Part 1 would prohibit anyone with a “financial interest in a land use matter” from donating to candidates running for those elected offices. Any individual or officer of a company developing a project worth more than $5 million would be impacted. Nearly every building with at least 10 homes is worth more than $5 million.
Prop F exempts primary residences, so homeowners who are trying to remodel or develop their homes get a blanket exemption from these new limitations. Additionally, it does not impose limits on mega landlords who just collect rent; it only impacts people producing new homes.
Part 2 is where this starts to go off the rails. For anyone that has ever run a campaign, the idea of implementing the following disclosure requirements is a paperwork nightmare. This raises the cost of compliance for local campaigns substantially.
Prop F would increase the disclosure requirements for independent expenditure committees and ballot measure committees dramatically. In video and audio ads (and possibly phone calls), committees would need to disclose their top donors at the beginning of the recording, instead of the end. The scope of mandatory disclosures expands to include nested donations from PACs (eg “PAC #1” would be disclosed as “PAC #1, principally funded by Donor #1, Donor #2”).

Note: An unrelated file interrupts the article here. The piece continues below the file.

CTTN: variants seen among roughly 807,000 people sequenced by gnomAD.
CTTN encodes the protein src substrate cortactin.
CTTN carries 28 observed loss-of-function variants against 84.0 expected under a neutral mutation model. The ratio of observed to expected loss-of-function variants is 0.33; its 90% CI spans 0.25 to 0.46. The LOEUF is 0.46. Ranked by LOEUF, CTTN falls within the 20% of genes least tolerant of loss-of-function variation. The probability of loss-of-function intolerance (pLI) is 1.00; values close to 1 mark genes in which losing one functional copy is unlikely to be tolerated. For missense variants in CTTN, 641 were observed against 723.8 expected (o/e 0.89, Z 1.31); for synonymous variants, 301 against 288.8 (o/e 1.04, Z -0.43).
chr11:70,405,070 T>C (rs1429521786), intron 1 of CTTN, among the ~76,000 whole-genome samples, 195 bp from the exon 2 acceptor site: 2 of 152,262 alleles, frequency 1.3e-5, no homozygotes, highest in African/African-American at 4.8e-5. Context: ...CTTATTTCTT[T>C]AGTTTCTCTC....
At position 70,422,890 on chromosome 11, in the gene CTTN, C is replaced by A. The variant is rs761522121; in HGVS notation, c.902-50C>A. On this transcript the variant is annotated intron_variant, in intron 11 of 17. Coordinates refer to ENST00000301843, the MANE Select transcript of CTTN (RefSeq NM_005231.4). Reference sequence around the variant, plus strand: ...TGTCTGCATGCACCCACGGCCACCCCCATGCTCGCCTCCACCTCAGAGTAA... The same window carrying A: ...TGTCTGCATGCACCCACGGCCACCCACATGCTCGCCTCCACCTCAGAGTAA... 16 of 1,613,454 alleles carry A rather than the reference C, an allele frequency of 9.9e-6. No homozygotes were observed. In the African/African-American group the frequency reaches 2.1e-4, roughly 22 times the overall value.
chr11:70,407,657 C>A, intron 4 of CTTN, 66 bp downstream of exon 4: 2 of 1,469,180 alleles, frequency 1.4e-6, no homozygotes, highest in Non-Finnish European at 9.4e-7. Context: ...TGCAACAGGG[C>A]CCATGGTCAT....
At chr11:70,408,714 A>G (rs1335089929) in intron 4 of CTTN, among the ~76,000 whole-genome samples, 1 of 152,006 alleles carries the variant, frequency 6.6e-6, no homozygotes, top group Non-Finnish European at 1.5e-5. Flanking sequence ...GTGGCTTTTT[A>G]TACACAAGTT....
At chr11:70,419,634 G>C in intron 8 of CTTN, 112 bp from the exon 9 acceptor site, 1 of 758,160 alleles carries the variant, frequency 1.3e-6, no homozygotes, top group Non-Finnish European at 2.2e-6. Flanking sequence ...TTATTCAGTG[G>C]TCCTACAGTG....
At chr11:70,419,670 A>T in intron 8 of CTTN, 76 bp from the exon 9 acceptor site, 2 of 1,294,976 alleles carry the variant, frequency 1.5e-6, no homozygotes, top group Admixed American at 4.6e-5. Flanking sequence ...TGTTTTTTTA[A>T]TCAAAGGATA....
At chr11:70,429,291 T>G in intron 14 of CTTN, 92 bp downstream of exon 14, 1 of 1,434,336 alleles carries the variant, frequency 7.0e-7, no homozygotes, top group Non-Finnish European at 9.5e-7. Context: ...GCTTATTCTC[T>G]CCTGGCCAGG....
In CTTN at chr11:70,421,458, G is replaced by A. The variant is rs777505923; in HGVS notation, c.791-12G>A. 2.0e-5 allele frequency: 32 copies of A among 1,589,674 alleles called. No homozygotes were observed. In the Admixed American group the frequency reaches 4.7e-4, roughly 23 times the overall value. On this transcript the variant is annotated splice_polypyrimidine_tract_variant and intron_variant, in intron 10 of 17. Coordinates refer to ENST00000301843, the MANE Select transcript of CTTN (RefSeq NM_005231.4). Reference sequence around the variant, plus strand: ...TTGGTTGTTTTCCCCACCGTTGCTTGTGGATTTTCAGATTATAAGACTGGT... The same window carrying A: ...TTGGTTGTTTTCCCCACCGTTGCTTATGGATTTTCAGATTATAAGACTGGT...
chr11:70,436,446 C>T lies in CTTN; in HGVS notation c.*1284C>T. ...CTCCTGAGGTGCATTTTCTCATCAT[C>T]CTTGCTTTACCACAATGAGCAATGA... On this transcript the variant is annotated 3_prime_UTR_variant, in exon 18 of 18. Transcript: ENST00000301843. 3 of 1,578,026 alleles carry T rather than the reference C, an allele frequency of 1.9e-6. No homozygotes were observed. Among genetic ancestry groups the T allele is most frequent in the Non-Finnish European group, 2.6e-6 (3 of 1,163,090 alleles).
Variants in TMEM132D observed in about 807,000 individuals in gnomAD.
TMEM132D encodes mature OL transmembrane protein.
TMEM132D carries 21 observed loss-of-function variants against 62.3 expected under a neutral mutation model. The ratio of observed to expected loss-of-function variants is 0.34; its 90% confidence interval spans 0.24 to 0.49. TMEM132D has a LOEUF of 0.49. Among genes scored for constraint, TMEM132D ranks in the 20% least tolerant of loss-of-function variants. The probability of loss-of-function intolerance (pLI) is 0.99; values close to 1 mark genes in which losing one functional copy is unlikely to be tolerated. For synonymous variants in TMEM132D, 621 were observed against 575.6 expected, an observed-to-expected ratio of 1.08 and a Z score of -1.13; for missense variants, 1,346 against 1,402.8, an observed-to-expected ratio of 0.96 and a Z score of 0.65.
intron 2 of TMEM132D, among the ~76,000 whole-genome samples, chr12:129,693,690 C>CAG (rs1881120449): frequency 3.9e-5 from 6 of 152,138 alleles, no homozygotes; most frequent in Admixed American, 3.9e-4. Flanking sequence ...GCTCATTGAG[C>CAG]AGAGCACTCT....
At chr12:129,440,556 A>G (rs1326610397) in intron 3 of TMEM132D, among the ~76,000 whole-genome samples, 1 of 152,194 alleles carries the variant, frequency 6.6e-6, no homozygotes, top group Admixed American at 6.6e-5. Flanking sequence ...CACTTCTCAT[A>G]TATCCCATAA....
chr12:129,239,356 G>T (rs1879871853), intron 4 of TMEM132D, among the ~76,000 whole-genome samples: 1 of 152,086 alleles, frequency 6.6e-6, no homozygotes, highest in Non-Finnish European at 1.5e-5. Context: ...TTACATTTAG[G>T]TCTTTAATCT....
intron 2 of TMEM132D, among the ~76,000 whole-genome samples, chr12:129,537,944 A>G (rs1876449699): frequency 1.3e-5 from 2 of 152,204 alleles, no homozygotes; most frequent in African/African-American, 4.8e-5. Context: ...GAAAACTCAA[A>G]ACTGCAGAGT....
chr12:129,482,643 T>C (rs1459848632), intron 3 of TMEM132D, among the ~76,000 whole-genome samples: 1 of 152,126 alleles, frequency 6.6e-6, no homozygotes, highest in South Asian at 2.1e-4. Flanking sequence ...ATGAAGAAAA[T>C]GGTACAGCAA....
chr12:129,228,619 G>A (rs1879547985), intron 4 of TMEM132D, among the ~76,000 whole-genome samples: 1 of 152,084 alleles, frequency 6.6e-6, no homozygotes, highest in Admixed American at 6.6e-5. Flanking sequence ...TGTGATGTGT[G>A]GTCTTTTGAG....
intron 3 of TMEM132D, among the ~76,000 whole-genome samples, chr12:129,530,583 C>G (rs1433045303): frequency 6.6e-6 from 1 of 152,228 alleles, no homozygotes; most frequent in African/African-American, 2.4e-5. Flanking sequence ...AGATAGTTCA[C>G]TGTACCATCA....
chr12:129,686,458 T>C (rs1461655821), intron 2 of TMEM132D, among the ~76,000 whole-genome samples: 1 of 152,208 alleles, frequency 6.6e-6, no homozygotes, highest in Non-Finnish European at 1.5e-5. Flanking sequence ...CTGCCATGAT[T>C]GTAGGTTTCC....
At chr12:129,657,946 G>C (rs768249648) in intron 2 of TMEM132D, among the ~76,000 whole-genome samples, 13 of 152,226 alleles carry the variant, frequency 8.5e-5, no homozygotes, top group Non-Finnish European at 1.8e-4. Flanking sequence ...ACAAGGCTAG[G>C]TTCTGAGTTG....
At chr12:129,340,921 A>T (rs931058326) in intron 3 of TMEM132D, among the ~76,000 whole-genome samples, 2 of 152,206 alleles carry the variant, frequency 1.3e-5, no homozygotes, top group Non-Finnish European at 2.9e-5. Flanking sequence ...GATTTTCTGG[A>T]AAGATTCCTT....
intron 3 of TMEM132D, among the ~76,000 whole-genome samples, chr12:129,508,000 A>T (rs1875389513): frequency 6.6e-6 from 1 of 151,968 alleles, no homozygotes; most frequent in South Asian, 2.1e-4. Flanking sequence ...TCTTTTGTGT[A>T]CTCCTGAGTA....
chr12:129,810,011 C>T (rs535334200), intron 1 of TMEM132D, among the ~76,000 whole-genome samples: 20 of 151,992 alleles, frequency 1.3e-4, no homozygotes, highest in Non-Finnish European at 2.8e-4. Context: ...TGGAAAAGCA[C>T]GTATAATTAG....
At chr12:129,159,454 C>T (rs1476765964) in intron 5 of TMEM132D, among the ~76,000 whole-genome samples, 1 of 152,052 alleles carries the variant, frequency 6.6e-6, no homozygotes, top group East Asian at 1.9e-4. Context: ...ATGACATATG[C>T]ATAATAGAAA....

Because top donors can change, because the donations from organizations that have donated to a campaign can change, and because of the existing backlog at the San Francisco Ethics Commission, the implementation of this is daunting. The Ethics Commission has so many sprawling rules that it can’t quickly enforce them. It took them 8 years to hit John Avalos with a fine from his 2011 mayoral campaign. Adding more rules like this will create more backlog and does not make politics more transparent.
Prop F senselessly burdens candidates and home builders for no tangible benefit, while giving a pass to homeowners who obstruct housing.
Mayor London Breed is running for re-election. She’s been fighting for better housing policy against incredible odds and she rocks.